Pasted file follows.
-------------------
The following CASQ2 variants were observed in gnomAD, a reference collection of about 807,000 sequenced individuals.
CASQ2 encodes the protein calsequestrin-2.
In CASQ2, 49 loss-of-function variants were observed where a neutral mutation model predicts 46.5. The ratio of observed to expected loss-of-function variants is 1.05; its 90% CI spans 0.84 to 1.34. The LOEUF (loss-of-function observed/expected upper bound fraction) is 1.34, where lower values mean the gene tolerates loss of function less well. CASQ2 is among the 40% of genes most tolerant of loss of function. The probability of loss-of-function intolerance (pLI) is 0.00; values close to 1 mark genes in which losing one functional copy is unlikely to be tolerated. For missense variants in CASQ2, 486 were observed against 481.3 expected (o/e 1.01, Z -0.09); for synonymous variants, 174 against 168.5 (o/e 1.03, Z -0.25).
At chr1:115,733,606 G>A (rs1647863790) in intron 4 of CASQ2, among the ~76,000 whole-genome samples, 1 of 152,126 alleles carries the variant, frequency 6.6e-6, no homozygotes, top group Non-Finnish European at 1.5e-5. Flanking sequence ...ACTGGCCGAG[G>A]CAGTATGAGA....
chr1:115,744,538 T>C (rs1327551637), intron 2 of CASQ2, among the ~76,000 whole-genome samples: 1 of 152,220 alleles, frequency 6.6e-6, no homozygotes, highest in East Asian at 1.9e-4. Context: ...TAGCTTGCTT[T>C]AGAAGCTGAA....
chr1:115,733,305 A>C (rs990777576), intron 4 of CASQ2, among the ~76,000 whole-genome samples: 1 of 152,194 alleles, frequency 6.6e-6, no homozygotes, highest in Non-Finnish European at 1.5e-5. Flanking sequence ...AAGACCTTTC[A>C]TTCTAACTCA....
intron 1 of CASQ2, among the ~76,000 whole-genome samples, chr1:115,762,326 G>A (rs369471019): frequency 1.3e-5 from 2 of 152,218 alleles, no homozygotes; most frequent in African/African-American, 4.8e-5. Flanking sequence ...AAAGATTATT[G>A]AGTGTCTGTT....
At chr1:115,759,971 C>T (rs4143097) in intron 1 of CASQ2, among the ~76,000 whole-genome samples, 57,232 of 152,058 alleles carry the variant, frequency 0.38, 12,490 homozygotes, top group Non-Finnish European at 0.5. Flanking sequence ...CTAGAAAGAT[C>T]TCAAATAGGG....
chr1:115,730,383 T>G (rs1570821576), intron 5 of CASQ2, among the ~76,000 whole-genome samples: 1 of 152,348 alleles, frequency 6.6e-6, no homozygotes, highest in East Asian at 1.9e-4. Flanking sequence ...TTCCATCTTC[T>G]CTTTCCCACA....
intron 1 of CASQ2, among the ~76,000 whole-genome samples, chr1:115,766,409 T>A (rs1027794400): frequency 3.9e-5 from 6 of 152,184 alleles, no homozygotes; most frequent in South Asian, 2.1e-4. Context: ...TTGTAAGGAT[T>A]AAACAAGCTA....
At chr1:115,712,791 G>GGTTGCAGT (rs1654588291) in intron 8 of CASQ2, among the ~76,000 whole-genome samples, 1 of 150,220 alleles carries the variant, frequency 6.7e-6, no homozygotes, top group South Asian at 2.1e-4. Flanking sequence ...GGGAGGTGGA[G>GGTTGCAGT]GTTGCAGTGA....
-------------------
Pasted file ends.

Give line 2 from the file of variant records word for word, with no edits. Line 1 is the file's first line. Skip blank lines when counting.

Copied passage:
CASQ2 encodes the protein calsequestrin-2.